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Morning markets: Grains start this week as they finished the last. But...

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Just how much ag product is China buying? And from where?

 

These questions remained live on grain markets to start the week, even as futures started as they left off on Friday, with vegetable oils in most demand.

 

It is not as if, after all, the headway in Dalian corn futures has ceased, with the September contract there adding a further 1.2% to 2,183 yuan a tonne, the best finish for a spot lot since September 2015.

 

Mike Zuzolo at Global Commodity Analytics, noting a recovery in importer demand for US ags “as if Covid-19 was a short-term feature”, flagged the role of China in the revival – and the incentive provided by the age-old market drivers of greed and fear.

 

“Greed from a standpoint that the price is unlikely to get any lower than it is. And Fear from a standpoint that the supply of the commodities being bought currently aren’t going to be as ample in the foreseeable future.”

 

‘Still pinned on Chinese demand’

US-based Benson Quinn Commodities said that “support for corn and soybeans [prices is] still pinned on Chinese demand.

 

“Talk China has booked 30 some Brazilian bean cargos in the last couple weeks in addition to what they have been picking up here, adds questions about how much will be enough.”

 

“Do they have fears over availability if Covid shutdowns slow logistics from suppliers, are they making a concerted effort to hit phase one targets,” ie commitments made in the US-China trade deal signed in January,

 

“Or is the price just viewed as favourable? Probably some mixture of all the above.”

 

Buying from Brazil

Steve Freed at ADM Investor Services reported that “recent China buying of US/Ukraine corn raised talk of their corn supply.

 

“This week China also began to buy Brazil 2021 corn.”

 

In fact, “with more Brazilian corn being harvested as their secondary corn crop is at 50% harvested, you wonder if China fills future needs buying Brazilian corn just as they do with soybeans,” said Sean Lusk at Walsh Trading.

 

Hefty flood losses?

That said, there could be a lot of Chinese import demand to meet – especially given that the country has sold some 32m tonnes of corn from state reserves over the two months, yet still futures are at their highest in nearly five years.

 

There were ideas of another Chinese corn production shortfall even before the latest flooding which has affected many major agricultural producing areas.

 

“The trade in my view is concerned that flooding in China could reduce production there to a sizable 10m-15m tonnes,” Mr Lusk said.

 

Mr Freed summed up that “recent China buying US corn and lack of farmer selling offers support” to prices.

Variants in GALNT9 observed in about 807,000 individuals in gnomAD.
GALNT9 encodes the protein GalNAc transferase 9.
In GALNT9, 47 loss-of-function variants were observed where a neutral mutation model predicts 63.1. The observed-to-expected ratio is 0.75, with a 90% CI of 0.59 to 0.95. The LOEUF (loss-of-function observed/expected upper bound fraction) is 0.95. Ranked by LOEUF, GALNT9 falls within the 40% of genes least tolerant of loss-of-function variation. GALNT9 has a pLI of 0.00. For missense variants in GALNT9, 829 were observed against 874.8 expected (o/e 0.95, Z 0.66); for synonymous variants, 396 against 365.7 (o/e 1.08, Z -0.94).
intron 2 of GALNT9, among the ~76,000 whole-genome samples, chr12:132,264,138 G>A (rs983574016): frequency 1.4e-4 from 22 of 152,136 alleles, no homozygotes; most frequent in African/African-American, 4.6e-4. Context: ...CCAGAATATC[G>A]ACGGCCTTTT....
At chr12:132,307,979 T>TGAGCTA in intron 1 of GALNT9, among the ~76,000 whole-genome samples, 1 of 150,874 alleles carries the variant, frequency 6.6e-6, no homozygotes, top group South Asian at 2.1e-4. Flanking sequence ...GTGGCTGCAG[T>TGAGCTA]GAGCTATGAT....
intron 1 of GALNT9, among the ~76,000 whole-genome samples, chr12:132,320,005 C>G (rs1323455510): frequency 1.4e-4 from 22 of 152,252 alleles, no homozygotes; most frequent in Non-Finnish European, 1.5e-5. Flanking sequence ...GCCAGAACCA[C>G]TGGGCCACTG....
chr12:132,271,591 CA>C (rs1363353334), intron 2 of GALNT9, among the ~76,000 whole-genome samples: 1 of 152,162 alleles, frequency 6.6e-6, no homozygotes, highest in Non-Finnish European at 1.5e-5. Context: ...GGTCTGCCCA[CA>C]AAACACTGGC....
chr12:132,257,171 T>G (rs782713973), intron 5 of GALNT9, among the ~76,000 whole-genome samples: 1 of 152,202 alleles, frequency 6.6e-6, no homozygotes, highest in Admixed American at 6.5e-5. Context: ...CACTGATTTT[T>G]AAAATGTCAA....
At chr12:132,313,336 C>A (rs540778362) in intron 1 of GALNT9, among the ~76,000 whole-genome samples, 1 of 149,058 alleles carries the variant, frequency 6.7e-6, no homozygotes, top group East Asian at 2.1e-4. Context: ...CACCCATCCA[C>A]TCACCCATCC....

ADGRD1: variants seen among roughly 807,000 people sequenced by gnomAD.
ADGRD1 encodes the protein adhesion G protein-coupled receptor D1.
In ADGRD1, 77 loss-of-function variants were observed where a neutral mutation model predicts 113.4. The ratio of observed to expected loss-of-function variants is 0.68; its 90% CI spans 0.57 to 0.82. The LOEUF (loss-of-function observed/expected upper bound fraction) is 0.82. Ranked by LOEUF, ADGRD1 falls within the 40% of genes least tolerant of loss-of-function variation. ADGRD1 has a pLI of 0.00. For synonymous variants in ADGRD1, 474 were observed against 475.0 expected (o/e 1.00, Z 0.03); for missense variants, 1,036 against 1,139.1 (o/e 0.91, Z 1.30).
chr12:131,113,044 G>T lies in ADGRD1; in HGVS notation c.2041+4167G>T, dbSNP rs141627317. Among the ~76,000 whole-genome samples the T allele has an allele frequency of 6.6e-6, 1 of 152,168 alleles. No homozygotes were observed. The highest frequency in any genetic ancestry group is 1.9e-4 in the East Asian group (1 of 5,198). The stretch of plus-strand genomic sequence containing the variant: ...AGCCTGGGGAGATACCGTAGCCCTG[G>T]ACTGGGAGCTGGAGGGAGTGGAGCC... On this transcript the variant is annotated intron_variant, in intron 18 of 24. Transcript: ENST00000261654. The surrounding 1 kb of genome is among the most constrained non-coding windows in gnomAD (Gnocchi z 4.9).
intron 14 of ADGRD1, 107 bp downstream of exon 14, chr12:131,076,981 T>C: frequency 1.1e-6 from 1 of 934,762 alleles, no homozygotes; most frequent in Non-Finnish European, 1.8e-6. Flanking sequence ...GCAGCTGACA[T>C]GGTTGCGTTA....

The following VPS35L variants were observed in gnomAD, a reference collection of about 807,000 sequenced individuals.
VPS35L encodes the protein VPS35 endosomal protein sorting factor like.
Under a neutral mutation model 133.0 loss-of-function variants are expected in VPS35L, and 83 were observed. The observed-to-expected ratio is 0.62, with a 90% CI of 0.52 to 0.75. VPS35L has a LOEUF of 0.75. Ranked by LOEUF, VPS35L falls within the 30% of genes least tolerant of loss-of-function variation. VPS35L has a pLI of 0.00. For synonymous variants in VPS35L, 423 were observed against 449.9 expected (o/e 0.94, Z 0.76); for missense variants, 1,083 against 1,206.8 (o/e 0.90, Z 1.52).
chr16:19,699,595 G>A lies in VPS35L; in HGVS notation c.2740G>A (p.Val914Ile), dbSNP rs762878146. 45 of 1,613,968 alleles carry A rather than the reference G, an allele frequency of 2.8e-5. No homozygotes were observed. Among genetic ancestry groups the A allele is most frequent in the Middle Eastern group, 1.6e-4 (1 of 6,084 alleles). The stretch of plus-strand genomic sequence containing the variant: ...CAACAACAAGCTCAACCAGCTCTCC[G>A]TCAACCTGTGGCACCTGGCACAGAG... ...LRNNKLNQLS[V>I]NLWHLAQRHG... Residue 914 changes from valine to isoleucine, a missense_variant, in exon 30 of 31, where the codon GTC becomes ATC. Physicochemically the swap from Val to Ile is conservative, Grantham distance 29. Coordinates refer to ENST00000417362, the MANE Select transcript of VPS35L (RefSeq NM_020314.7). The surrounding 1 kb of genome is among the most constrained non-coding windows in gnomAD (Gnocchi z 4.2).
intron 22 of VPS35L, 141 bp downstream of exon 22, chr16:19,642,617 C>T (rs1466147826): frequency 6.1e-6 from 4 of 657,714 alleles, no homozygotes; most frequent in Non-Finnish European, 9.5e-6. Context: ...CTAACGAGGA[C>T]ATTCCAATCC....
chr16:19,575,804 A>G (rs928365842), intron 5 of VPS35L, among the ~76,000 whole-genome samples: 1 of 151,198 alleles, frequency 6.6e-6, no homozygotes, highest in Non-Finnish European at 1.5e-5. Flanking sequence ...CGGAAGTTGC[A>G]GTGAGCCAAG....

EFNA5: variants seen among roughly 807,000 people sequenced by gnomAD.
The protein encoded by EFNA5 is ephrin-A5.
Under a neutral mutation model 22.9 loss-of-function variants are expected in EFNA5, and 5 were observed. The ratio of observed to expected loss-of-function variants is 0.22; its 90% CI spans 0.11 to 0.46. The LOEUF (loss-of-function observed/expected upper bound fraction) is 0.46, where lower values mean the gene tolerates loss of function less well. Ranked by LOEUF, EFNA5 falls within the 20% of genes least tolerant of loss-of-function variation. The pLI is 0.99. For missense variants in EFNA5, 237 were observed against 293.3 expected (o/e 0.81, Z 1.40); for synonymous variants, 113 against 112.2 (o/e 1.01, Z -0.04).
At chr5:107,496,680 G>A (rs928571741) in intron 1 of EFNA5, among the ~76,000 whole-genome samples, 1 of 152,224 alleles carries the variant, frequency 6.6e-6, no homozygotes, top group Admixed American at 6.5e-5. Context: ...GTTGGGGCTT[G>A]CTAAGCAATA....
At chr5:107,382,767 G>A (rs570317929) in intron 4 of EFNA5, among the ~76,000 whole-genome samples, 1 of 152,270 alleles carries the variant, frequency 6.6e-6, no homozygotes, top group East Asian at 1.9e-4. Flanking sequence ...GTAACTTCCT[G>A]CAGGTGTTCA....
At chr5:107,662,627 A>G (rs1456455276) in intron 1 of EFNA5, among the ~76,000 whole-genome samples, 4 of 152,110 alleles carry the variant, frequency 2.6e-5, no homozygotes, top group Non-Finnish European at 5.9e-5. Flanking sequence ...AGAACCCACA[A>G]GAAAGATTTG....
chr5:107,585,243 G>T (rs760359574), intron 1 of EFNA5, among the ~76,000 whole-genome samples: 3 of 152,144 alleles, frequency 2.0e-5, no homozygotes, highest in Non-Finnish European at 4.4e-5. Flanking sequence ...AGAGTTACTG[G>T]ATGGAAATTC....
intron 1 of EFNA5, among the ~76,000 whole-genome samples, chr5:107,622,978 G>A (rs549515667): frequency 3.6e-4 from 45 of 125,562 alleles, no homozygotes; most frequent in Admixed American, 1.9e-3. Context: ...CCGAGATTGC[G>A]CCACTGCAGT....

“Most of the other news in corn continues to offer resistance.”

 

Midwest weather

It was actually the “other news” that held sway in early deals, and the production side, and in particular US Midwest weather.

 

“Weekend temperatures were at or below expectations with only modestly above-normal temperatures in the week ahead,” said Richard Feltes at RJ O’Brien.

 

Maxar reported that “weekend rainfall was near expectations, with showers favouring eastern South Dakota, western Kansas, Minessota, central Iowa, eastern Missouri, Illinois, Wisconsin, northern Indiana, and Michigan”.

 

This week “rains in western areas continue to improve moisture”, although dryness is “to persist in northern Indiana and northern Ohio due to lighter activity there”.

 

As on Friday

With Brent crude lower too, down 0.7% at $42.83 a barrel, undermining market conditions for biofuel feedstocks, Chicago corn futures for September stood 0.6% lower at $3.31 a bushel as of 10:00 UK time (04:00 Chicago time).

 

The December lot shed 0.7% to $3.37 ½ a bushel, although with one eye still on the potential for another hefty Chinese purchase of US corn, after the 1.37m tonnes in orders announced on July 10, and 1.76m tonnes on July 14.

 

Soybeans as the last session fared better, gaining 0.4% to $9.01 ¾ a bushel for August delivery, while the September lot added 0.4% to $8.95 ¾ a bushel.

 

As in the last session too, vegetable oils offered support, with Chicago soyoil for August gaining 1.2% to 30.28 cents a pound, hitting a five-month high for a spot contract.

 

The lot rose above its 200-day moving average for the first time in five months too.

 

Palm up

Kuala Lumpur palm oil for October gained 1.6% to 2,657 ringgit a tonne, also hitting a five-month high, with ideas of demand from China, the world’s second largest importer, a factor here too.

 

Dalian palm oil futures for September soared 2.9% to 5,532 yuan a tonne.

 

Meanwhile, the Malaysian Palm Oil Association said that Malaysia, the second-ranked producing country, is losing up to 25% of its potential palm yield thanks to a labour squeeze spurred by coronavirus – a shortage that is expected to worsen.

 

‘Penalising factor’

Chicago soft red winter wheat, meanwhile, as on Friday fell, but not by much, easing 0.3% to $5.33 a bushel, weighed by rival grain corn.

 

Mr Feltes highlighted a forecast that stressful heat for Russia’s spring wheat crop “eases this week”.

Also as on Friday, Kansas City hard red winter wheat (HRW) managed a pretty flat performance, in fact unchanged at $4.48 ¾ a bushel for September, recovering a bit of its unusually large premium against Chicago wheat, amid ideas that US exports (of which HRW is the major one) may be coming more into contention.

 

For the EU, after all, the “firmness” of the euro is a “penalising factor for export activity”, noted Agritel – with a disappointing ongoing EU harvest hardly helpful either.

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